I cast my line and heard the weight’s gentle plop off the boat’s stern. My Inuit ancestors would have marveled at my shiny metal boat and outboard engine—much more efficient than their wood and skin kayaks. Yet, I still fed my family as they had done, hunting and fishing. I derived great pleasure from the fact that I honored them in this way. I let my line go slack and settled in to wait on the next fish to fall for my bait.
Stars sprinkled the crisp night sky and a filmy splash of bright greens and faint pink marked the aurora’s pulsing path through the dark. I took a deep breath of cold, briny air. I was but a speck upon the water, insignificant yet all important in my solitude. The ocean filled my soul as it had my ancestors before me, and I was at peace. Out on the water was the only place I could settle my thoughts and become one with the animals, the sea, the Earth.
A sharp tug on my line snapped me out of my reverie. I pulled the pole up to hook the fish, and then began reeling it in. As I wound the line, I noticed a faint smudge of yellowish light on the horizon, bobbing on the water. A beacon? Another boat? No matter, I had a fish to land and the light was far from my boat. The fish jerked in counterpoint to the rhythm of my reeling and I yanked to keep it from escaping.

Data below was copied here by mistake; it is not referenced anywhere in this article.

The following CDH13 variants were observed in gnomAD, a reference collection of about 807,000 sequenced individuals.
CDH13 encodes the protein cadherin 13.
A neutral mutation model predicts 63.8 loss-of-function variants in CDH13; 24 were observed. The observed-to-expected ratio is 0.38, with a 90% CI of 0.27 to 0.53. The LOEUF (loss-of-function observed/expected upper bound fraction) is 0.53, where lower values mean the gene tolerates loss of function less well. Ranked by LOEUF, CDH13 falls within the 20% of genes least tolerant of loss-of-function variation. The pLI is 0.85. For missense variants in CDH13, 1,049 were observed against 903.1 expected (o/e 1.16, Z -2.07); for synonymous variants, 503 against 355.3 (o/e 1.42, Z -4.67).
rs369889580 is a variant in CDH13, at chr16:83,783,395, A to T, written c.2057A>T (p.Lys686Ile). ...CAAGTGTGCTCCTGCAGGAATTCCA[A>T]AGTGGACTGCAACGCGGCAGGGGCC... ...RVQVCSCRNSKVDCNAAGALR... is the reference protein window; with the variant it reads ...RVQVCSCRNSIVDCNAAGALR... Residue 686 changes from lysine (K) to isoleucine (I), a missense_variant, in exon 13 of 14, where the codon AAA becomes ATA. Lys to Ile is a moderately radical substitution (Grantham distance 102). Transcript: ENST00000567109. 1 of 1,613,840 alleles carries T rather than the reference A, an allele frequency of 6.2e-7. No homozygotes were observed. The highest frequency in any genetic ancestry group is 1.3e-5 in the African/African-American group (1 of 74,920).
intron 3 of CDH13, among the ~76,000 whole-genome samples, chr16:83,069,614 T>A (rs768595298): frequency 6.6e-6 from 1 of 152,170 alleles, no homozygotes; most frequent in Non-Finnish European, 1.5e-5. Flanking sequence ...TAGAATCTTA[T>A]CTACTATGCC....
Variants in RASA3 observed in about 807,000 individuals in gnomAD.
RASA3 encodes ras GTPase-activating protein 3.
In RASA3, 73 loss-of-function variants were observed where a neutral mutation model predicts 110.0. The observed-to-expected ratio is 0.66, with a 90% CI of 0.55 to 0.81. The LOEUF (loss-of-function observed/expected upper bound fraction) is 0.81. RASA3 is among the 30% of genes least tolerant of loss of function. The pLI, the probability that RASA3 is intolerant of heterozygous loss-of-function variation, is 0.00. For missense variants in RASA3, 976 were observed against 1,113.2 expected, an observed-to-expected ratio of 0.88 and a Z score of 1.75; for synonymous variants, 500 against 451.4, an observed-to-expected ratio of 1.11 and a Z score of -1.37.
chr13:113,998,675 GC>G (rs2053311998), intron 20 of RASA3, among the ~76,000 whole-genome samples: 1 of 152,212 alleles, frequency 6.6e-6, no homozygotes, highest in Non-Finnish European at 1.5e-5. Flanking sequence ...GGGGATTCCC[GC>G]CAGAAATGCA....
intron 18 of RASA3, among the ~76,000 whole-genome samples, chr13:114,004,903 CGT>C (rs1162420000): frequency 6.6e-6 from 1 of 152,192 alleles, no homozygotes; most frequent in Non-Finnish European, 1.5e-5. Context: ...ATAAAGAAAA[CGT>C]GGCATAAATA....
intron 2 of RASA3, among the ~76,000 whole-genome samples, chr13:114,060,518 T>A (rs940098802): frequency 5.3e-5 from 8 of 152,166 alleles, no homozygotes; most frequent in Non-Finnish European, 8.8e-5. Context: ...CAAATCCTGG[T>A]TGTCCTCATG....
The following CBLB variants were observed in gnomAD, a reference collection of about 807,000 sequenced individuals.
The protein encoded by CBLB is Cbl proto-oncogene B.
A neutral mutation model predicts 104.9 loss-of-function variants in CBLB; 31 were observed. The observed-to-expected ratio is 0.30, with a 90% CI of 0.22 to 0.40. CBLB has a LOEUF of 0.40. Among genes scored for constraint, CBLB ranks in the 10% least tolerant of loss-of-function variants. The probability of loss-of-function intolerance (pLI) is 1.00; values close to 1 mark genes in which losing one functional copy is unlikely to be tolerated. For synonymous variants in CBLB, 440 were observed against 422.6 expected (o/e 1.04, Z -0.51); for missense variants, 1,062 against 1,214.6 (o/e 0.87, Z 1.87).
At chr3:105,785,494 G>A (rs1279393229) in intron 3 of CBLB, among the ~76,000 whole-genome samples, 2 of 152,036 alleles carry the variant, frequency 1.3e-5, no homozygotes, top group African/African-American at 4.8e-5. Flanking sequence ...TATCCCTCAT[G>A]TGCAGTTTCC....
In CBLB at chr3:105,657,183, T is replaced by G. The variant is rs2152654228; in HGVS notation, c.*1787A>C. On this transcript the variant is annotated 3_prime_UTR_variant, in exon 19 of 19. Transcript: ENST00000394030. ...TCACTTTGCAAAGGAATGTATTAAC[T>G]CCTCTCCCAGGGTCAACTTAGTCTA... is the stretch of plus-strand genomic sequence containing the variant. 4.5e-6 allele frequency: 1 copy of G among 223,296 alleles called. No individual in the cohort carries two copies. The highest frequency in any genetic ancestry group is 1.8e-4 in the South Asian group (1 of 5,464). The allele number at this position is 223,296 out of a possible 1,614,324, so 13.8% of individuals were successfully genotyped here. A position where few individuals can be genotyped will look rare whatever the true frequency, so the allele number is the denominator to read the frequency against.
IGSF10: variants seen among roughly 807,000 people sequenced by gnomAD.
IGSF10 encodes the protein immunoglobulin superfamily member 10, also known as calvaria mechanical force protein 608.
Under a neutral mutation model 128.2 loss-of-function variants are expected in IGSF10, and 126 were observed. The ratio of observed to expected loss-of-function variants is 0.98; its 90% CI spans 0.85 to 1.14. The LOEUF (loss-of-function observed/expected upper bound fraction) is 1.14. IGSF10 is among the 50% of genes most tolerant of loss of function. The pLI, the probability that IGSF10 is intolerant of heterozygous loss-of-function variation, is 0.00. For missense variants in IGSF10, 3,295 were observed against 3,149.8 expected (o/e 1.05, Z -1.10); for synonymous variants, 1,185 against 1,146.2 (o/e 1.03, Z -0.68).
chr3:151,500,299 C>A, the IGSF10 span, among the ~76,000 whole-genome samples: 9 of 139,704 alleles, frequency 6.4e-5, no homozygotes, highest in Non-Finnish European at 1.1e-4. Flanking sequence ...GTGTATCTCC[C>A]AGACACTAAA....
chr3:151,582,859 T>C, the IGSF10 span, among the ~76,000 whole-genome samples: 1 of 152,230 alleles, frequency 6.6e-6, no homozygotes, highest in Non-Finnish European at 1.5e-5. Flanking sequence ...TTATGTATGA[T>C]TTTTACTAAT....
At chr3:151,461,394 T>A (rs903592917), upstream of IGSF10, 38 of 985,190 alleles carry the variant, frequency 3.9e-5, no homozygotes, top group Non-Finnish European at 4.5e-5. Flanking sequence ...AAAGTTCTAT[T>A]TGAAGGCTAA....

The yellowish light grew larger and I kept a watchful eye on it as I pulled the fish closer. A gust of cold, pure air sliced through me as the wind picked up. My teeth chattered in the silence and I couldn’t wait to be home by the fire, my wife bringing me warm towels to drape over my feet and shoulders. September on the sea was a mix of every kind of weather, and not ever predictable. The sun’s warmth drained quickly from the air and night brought a biting cold. The boat canted and I gave a last tug on the line, bringing the fish on board.